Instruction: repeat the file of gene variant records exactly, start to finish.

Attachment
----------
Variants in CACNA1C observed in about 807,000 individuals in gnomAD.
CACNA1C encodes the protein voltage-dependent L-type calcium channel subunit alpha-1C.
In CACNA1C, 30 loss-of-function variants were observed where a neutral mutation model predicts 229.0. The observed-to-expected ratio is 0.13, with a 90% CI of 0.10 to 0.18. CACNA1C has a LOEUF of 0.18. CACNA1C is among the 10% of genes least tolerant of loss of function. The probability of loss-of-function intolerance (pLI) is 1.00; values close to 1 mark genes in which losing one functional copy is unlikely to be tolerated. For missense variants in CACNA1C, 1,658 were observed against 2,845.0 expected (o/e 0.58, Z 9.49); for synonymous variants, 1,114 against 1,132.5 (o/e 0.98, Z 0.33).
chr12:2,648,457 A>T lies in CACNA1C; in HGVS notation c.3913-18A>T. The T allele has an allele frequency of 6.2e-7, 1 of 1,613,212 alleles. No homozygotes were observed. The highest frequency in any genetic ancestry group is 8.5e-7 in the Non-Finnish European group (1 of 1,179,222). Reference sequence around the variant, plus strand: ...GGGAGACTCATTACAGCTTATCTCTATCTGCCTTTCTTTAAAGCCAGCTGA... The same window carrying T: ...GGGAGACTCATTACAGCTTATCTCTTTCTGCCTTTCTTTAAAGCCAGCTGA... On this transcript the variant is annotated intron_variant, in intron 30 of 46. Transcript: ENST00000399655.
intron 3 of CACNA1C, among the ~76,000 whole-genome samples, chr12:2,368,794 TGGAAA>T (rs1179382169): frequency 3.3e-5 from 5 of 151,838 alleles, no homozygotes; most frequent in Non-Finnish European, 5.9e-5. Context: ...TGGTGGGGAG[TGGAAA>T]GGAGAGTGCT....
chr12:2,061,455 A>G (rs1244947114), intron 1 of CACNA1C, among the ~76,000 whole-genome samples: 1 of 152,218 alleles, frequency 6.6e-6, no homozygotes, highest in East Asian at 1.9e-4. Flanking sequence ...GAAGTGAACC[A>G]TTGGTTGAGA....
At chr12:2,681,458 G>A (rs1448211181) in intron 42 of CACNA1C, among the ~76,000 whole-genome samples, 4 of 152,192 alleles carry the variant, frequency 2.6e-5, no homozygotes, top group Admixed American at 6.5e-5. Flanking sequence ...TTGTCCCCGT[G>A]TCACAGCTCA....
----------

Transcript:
Variants in CACNA1C observed in about 807,000 individuals in gnomAD.
CACNA1C encodes the protein voltage-dependent L-type calcium channel subunit alpha-1C.
In CACNA1C, 30 loss-of-function variants were observed where a neutral mutation model predicts 229.0. The observed-to-expected ratio is 0.13, with a 90% CI of 0.10 to 0.18. CACNA1C has a LOEUF of 0.18. CACNA1C is among the 10% of genes least tolerant of loss of function. The probability of loss-of-function intolerance (pLI) is 1.00; values close to 1 mark genes in which losing one functional copy is unlikely to be tolerated. For missense variants in CACNA1C, 1,658 were observed against 2,845.0 expected (o/e 0.58, Z 9.49); for synonymous variants, 1,114 against 1,132.5 (o/e 0.98, Z 0.33).
chr12:2,648,457 A>T lies in CACNA1C; in HGVS notation c.3913-18A>T. The T allele has an allele frequency of 6.2e-7, 1 of 1,613,212 alleles. No homozygotes were observed. The highest frequency in any genetic ancestry group is 8.5e-7 in the Non-Finnish European group (1 of 1,179,222). Reference sequence around the variant, plus strand: ...GGGAGACTCATTACAGCTTATCTCTATCTGCCTTTCTTTAAAGCCAGCTGA... The same window carrying T: ...GGGAGACTCATTACAGCTTATCTCTTTCTGCCTTTCTTTAAAGCCAGCTGA... On this transcript the variant is annotated intron_variant, in intron 30 of 46. Transcript: ENST00000399655.
intron 3 of CACNA1C, among the ~76,000 whole-genome samples, chr12:2,368,794 TGGAAA>T (rs1179382169): frequency 3.3e-5 from 5 of 151,838 alleles, no homozygotes; most frequent in Non-Finnish European, 5.9e-5. Context: ...TGGTGGGGAG[TGGAAA>T]GGAGAGTGCT....
chr12:2,061,455 A>G (rs1244947114), intron 1 of CACNA1C, among the ~76,000 whole-genome samples: 1 of 152,218 alleles, frequency 6.6e-6, no homozygotes, highest in East Asian at 1.9e-4. Flanking sequence ...GAAGTGAACC[A>G]TTGGTTGAGA....
At chr12:2,681,458 G>A (rs1448211181) in intron 42 of CACNA1C, among the ~76,000 whole-genome samples, 4 of 152,192 alleles carry the variant, frequency 2.6e-5, no homozygotes, top group Admixed American at 6.5e-5. Flanking sequence ...TTGTCCCCGT[G>A]TCACAGCTCA....